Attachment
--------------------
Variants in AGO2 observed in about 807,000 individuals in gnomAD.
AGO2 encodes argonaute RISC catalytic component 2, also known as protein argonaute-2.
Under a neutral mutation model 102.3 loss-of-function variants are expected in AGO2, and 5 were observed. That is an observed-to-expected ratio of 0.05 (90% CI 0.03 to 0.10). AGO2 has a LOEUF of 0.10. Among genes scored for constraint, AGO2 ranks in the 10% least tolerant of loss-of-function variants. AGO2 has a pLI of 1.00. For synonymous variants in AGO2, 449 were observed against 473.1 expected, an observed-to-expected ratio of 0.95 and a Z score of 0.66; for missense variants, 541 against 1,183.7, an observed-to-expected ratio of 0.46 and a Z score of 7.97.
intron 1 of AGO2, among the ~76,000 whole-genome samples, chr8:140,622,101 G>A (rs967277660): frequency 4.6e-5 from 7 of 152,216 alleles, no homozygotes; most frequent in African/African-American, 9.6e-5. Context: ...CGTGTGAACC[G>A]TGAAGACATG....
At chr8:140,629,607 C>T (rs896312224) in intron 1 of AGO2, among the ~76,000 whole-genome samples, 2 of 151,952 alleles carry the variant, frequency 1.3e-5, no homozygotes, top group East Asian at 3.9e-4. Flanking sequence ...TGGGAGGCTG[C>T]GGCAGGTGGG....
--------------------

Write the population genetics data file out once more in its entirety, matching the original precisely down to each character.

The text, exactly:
Variants in AGO2 observed in about 807,000 individuals in gnomAD.
AGO2 encodes argonaute RISC catalytic component 2, also known as protein argonaute-2.
Under a neutral mutation model 102.3 loss-of-function variants are expected in AGO2, and 5 were observed. That is an observed-to-expected ratio of 0.05 (90% CI 0.03 to 0.10). AGO2 has a LOEUF of 0.10. Among genes scored for constraint, AGO2 ranks in the 10% least tolerant of loss-of-function variants. AGO2 has a pLI of 1.00. For synonymous variants in AGO2, 449 were observed against 473.1 expected, an observed-to-expected ratio of 0.95 and a Z score of 0.66; for missense variants, 541 against 1,183.7, an observed-to-expected ratio of 0.46 and a Z score of 7.97.
intron 1 of AGO2, among the ~76,000 whole-genome samples, chr8:140,622,101 G>A (rs967277660): frequency 4.6e-5 from 7 of 152,216 alleles, no homozygotes; most frequent in African/African-American, 9.6e-5. Context: ...CGTGTGAACC[G>A]TGAAGACATG....
At chr8:140,629,607 C>T (rs896312224) in intron 1 of AGO2, among the ~76,000 whole-genome samples, 2 of 151,952 alleles carry the variant, frequency 1.3e-5, no homozygotes, top group East Asian at 3.9e-4. Flanking sequence ...TGGGAGGCTG[C>T]GGCAGGTGGG....